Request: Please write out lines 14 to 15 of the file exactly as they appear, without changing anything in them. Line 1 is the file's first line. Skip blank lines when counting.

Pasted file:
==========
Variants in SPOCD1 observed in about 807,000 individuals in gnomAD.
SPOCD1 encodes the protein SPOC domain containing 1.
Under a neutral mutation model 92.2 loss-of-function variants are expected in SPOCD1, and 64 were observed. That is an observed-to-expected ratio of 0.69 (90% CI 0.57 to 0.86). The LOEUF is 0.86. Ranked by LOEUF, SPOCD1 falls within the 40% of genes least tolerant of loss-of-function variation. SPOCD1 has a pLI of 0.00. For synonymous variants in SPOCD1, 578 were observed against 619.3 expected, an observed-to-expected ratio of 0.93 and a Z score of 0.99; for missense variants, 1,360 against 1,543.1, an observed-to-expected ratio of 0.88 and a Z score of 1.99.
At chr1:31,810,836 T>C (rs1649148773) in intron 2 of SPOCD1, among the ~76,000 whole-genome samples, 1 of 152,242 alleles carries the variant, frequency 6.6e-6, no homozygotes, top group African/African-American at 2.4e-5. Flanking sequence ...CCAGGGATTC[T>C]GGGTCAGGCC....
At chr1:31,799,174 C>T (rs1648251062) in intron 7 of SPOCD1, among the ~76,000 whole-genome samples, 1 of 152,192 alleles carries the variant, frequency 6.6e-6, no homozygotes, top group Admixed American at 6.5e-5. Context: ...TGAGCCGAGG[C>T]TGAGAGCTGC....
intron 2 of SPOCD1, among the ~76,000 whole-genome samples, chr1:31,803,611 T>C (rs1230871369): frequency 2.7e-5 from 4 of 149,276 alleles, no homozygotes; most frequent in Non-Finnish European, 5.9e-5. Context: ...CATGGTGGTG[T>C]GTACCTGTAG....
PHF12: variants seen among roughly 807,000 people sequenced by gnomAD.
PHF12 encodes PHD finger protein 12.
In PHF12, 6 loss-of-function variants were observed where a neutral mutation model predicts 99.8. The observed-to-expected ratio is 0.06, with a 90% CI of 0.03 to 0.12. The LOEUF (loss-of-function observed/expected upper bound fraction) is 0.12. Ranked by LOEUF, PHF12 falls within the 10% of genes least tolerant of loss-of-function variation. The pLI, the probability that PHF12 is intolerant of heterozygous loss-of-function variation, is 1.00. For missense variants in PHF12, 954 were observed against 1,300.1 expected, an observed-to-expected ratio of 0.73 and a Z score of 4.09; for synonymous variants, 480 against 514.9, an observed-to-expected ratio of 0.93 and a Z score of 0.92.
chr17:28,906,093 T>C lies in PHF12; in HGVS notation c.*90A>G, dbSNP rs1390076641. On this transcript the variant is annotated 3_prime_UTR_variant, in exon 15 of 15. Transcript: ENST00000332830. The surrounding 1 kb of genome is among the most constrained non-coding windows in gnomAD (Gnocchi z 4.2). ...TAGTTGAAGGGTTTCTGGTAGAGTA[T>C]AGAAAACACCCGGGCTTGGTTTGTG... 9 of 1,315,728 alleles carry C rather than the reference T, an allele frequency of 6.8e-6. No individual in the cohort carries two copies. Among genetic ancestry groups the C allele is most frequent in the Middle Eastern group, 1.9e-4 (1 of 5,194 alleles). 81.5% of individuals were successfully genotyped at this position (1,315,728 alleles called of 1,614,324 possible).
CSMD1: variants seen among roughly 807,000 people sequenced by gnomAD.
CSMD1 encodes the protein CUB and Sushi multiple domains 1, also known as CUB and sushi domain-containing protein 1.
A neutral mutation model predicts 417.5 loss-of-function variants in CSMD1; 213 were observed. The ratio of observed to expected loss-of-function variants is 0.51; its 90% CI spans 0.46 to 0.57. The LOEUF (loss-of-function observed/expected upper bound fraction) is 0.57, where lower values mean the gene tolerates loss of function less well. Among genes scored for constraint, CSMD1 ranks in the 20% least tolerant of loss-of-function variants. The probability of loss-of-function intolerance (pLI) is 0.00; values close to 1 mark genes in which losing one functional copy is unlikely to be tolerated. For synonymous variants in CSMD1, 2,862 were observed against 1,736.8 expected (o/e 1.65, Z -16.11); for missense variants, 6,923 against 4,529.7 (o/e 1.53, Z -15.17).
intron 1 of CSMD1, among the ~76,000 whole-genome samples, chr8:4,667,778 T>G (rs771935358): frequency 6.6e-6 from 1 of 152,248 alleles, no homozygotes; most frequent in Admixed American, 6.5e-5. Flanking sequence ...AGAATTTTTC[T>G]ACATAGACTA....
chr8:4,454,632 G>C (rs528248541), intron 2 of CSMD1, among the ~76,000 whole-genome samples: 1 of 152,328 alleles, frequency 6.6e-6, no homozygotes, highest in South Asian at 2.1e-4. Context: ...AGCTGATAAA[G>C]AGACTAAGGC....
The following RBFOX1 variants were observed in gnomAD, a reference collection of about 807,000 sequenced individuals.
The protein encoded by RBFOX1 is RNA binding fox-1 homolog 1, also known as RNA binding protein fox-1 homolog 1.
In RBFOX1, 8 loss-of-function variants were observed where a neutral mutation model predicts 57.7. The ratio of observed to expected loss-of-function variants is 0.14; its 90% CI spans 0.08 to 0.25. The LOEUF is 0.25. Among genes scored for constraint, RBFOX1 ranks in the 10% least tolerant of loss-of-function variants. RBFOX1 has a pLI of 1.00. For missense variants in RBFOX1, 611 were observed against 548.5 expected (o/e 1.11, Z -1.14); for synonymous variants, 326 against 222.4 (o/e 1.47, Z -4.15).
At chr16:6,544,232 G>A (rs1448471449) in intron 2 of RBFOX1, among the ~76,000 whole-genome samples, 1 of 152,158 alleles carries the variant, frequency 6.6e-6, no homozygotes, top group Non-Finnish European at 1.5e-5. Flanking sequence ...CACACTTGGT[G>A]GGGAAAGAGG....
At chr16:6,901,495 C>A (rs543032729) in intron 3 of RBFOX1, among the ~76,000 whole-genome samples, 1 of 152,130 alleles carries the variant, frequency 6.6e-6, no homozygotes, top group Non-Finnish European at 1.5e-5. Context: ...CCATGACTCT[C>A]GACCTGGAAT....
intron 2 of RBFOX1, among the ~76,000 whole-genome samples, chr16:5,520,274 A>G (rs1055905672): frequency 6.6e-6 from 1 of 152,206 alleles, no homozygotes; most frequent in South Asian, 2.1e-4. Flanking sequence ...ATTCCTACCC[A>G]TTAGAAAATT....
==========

intron 1 of CSMD1, among the ~76,000 whole-genome samples, chr8:4,667,778 T>G (rs771935358): frequency 6.6e-6 from 1 of 152,248 alleles, no homozygotes; most frequent in Admixed American, 6.5e-5. Flanking sequence ...AGAATTTTTC[T>G]ACATAGACTA....
chr8:4,454,632 G>C (rs528248541), intron 2 of CSMD1, among the ~76,000 whole-genome samples: 1 of 152,328 alleles, frequency 6.6e-6, no homozygotes, highest in South Asian at 2.1e-4. Context: ...AGCTGATAAA[G>C]AGACTAAGGC....